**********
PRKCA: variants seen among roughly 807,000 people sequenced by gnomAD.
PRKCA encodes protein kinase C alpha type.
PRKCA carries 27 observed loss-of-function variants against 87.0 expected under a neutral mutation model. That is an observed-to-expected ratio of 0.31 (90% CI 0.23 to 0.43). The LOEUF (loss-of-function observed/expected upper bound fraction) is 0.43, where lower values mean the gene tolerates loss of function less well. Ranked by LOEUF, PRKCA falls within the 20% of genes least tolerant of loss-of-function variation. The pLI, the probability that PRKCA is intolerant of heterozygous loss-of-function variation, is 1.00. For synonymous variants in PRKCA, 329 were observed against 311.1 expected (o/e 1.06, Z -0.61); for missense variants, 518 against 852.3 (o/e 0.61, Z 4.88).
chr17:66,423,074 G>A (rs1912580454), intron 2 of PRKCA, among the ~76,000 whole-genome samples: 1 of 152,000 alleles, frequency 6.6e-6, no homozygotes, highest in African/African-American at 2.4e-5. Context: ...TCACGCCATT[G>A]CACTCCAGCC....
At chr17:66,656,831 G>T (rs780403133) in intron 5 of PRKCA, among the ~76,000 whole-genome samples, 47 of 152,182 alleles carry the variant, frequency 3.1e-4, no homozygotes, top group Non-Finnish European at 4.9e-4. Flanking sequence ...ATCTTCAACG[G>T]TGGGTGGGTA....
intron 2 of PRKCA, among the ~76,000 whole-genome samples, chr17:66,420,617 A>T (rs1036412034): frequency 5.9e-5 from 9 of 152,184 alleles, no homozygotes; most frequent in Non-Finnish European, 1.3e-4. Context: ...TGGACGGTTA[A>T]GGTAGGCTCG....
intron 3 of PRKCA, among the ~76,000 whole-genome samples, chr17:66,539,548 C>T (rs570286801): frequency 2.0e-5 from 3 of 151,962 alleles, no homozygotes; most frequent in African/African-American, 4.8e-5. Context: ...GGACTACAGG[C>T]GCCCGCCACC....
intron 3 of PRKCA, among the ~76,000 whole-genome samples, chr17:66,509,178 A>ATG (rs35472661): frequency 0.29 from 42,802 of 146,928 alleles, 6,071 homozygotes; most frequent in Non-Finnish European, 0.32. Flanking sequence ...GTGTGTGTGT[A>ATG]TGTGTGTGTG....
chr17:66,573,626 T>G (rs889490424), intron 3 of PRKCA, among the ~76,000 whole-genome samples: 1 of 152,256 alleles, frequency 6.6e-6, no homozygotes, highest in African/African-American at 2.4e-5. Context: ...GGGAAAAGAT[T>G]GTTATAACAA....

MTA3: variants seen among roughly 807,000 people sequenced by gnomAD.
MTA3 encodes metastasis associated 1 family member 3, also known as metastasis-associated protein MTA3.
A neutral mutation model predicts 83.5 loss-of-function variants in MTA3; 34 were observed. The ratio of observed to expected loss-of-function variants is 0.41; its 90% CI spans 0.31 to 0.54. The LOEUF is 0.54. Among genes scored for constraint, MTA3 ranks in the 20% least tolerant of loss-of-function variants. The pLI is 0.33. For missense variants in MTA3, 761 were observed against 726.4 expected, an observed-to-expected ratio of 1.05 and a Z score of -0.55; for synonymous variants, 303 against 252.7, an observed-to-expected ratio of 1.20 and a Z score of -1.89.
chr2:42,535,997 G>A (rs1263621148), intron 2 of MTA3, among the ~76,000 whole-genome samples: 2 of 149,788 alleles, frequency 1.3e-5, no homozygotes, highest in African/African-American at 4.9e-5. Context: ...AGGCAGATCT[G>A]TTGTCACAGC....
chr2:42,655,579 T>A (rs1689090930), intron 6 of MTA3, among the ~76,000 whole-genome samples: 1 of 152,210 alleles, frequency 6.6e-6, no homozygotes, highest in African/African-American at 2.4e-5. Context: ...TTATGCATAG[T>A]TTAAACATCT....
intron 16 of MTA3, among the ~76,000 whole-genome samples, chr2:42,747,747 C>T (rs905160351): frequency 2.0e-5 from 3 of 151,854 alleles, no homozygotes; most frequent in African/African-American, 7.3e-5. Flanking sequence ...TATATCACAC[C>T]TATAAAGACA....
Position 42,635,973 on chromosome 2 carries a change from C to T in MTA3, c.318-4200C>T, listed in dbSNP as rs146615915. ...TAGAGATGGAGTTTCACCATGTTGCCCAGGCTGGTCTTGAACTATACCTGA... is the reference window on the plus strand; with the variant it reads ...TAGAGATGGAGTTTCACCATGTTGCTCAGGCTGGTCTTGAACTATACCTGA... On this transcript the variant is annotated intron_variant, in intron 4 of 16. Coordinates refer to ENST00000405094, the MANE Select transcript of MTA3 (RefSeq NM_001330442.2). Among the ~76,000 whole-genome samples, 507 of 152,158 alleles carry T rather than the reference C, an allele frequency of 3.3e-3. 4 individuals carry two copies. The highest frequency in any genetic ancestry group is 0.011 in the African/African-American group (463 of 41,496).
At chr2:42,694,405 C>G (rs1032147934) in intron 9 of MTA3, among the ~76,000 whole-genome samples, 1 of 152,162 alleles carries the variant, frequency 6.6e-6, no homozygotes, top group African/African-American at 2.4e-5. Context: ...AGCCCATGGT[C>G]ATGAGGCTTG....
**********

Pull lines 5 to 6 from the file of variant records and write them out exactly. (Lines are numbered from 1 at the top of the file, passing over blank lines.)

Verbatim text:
At chr17:66,656,831 G>T (rs780403133) in intron 5 of PRKCA, among the ~76,000 whole-genome samples, 47 of 152,182 alleles carry the variant, frequency 3.1e-4, no homozygotes, top group Non-Finnish European at 4.9e-4. Flanking sequence ...ATCTTCAACG[G>T]TGGGTGGGTA....
intron 2 of PRKCA, among the ~76,000 whole-genome samples, chr17:66,420,617 A>T (rs1036412034): frequency 5.9e-5 from 9 of 152,184 alleles, no homozygotes; most frequent in Non-Finnish European, 1.3e-4. Context: ...TGGACGGTTA[A>T]GGTAGGCTCG....